Designed in the U.S. and built in China, Breedlove’s Pursuit Exotic S series was conceived to be more than just another entry-level import line. Yes, starting at $749, these guitars cost a fraction of their American-made counterparts. But according to Breedlove, they also demonstrate both the need for and the benefits of using unusual and sustainable tonewoods—and of sourcing those materials responsibly.
Breedlove’s website lists 11 Pursuit Exotic S models, with a range of wood and finish combinations, from $539 street. At $1,399, the single cutaway acoustic-electric Pursuit Exotic S Concert Edgeburst CE featured here sits at the top of the series’ price pyramid—but it’s still about $700 less expensive than Breedlove’s lowest priced U.S.-built Concert model.
Handsome and Well Built
Right out of the box, the Pursuit’s appearance lives up to the Exotic handle, thanks to a dramatically figured solid koa top highlighted by Breedlove’s Edgeburst gloss finish. Photographs don’t quite capture the beauty of the koa’s contrasting grains, with dark stripes flowing along the length of the top, offset by rich tobacco brown. The back and sides are made from layered koa and African mahogany. Though less eye-catching than the top, their grain and finish continue the visual statement to give the guitar a cohesive appearance.
The 25.3-inch scale 20-fret fingerboard is made from ovangkol, a sustainable alternative to rosewood, as is the bridge. Both the 1.69-inch nut and bridge saddle are Tusq, a synthetic ivory substitute. Other details include handsome faux tortoiseshell binding, brass fretboard inlays, and an attractive matte copper motif seen in the headstock’s Breedlove logo, as well as the tuners and strap buttons.
In terms of fit and finish, almost every detail is outstanding right out of the box. The neck’s satiny texture is smooth and comfortable. The nicely dressed frets and well-rounded nut all feel great to the touch—not a jagged edge to be found. Intonation is spot on, and tuning proved to be remarkably stable in typically unpredictable Northeast weather. Often, I’d take the guitar off its stand, strum a chord, and find it was still in tune from the day before.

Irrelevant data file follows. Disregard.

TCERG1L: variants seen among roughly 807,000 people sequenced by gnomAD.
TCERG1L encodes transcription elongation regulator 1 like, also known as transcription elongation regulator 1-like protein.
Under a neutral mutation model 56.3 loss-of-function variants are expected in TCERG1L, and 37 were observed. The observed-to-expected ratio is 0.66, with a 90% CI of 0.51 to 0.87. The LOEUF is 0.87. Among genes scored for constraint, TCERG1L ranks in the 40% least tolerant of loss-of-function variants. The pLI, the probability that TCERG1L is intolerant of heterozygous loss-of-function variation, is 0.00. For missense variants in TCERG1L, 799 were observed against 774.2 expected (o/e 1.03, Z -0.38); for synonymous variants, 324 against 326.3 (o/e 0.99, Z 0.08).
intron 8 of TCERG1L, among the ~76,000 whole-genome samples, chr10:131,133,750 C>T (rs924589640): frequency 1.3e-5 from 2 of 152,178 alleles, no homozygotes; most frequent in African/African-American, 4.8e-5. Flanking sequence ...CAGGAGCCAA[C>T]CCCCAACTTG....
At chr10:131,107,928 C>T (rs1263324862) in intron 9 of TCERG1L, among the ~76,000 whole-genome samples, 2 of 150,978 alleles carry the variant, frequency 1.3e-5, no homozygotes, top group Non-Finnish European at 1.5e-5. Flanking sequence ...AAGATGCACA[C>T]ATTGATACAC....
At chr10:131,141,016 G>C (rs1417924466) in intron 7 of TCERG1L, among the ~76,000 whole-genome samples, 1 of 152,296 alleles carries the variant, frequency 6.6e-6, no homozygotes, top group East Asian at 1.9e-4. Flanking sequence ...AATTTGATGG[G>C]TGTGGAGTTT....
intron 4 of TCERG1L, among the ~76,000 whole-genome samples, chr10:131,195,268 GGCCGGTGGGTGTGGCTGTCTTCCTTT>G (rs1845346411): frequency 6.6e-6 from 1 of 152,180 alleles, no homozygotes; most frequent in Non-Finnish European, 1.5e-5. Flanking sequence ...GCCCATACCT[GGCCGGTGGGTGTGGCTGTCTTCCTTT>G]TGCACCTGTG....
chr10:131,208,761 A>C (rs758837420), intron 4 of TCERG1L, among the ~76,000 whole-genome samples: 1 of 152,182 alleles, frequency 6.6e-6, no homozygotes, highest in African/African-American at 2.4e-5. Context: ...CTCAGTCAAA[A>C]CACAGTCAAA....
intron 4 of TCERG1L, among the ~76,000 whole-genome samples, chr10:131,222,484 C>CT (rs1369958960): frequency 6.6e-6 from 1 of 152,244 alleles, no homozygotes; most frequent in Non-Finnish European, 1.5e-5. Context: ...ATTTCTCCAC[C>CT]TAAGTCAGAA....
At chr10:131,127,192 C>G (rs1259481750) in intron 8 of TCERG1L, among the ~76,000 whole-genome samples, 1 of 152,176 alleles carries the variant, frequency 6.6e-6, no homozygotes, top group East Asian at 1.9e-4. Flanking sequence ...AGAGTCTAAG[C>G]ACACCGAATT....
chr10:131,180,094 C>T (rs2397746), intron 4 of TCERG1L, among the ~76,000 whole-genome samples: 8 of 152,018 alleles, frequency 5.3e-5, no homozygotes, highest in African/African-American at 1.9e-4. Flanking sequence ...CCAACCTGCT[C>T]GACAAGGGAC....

My only complaint is that the action above the tenth fret is a little high for my taste. Looking closely, however, I’d say setup is more to blame than construction. If I owned the guitar, I’d take it to a trusted tech, and a good guitar dealer would probably adjust the setup before it hit the display rack.
When it comes to gig-friendly instruments, it’s hard to beat a concert-sized guitar. The body dimensions are comfortable, while still providing enough volume to produce very strong tone. At 19.875 inches long, the Pursuit’s box ranges from 3.58 inches deep at the neck to 4.2 inches at the tail block. With a 15.37-inch lower bout, 11.28-inch upper bout, and a nine-inch waist, the guitar hangs nicely on the strap and perches happily on the knee.
The Pursuit’s African mahogany neck joins the body at the 14th fret, with an unobtrusive cutaway open to around the 16th fret. Its profile is rounded and moderately deep—fitting in what I think of as the comfortable middle—and should accommodate most players.
Unplugged, the Pursuit has a rich, warm sound that projects well, with a strong midrange emphasis and tight but polite low end. Played fingerstyle, the midrange emphasis adds weight to arpeggiated lines and single-note passages. The guitar isn’t as bright or cutting as you might get from other tonewood combinations, and whether that’s a plus or minus is really a matter of individual taste and musical application.
Some players might prefer a punchier bass relative to the midrange, but plenty of guitars deliver that kind of sound. The Pursuit’s midrange focus makes for a nice contrast to more conventional-sounding flattops. I really like how smoothly the tone transitions from low to midrange to treble—especially on arpeggiated chords and stacked triads.